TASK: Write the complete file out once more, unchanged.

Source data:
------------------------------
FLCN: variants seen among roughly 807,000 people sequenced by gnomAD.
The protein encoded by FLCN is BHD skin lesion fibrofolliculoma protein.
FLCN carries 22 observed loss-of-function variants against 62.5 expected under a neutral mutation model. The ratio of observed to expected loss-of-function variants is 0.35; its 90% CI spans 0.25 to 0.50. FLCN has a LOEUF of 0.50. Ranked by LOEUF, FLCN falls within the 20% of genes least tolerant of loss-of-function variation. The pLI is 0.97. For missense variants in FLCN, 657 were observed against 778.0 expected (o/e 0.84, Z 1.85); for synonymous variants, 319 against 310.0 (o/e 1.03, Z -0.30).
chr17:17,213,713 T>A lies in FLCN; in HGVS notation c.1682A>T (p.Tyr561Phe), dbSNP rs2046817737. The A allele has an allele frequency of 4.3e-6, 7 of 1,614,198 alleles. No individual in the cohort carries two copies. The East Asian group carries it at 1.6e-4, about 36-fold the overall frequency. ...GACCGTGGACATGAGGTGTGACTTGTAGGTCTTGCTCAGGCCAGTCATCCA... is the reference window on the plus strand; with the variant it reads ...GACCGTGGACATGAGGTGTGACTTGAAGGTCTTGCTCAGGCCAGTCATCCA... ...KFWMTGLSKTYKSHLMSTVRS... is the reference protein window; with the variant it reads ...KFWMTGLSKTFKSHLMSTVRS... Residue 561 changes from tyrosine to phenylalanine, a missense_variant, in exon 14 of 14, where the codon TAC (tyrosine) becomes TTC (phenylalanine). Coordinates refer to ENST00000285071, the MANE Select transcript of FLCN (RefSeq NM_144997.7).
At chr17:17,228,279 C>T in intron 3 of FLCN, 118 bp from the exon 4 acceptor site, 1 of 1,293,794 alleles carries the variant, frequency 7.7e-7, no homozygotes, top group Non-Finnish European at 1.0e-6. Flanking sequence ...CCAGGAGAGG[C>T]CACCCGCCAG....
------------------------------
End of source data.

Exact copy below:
FLCN: variants seen among roughly 807,000 people sequenced by gnomAD.
The protein encoded by FLCN is BHD skin lesion fibrofolliculoma protein.
FLCN carries 22 observed loss-of-function variants against 62.5 expected under a neutral mutation model. The ratio of observed to expected loss-of-function variants is 0.35; its 90% CI spans 0.25 to 0.50. FLCN has a LOEUF of 0.50. Ranked by LOEUF, FLCN falls within the 20% of genes least tolerant of loss-of-function variation. The pLI is 0.97. For missense variants in FLCN, 657 were observed against 778.0 expected (o/e 0.84, Z 1.85); for synonymous variants, 319 against 310.0 (o/e 1.03, Z -0.30).
chr17:17,213,713 T>A lies in FLCN; in HGVS notation c.1682A>T (p.Tyr561Phe), dbSNP rs2046817737. The A allele has an allele frequency of 4.3e-6, 7 of 1,614,198 alleles. No individual in the cohort carries two copies. The East Asian group carries it at 1.6e-4, about 36-fold the overall frequency. ...GACCGTGGACATGAGGTGTGACTTGTAGGTCTTGCTCAGGCCAGTCATCCA... is the reference window on the plus strand; with the variant it reads ...GACCGTGGACATGAGGTGTGACTTGAAGGTCTTGCTCAGGCCAGTCATCCA... ...KFWMTGLSKTYKSHLMSTVRS... is the reference protein window; with the variant it reads ...KFWMTGLSKTFKSHLMSTVRS... Residue 561 changes from tyrosine to phenylalanine, a missense_variant, in exon 14 of 14, where the codon TAC (tyrosine) becomes TTC (phenylalanine). Coordinates refer to ENST00000285071, the MANE Select transcript of FLCN (RefSeq NM_144997.7).
At chr17:17,228,279 C>T in intron 3 of FLCN, 118 bp from the exon 4 acceptor site, 1 of 1,293,794 alleles carries the variant, frequency 7.7e-7, no homozygotes, top group Non-Finnish European at 1.0e-6. Flanking sequence ...CCAGGAGAGG[C>T]CACCCGCCAG....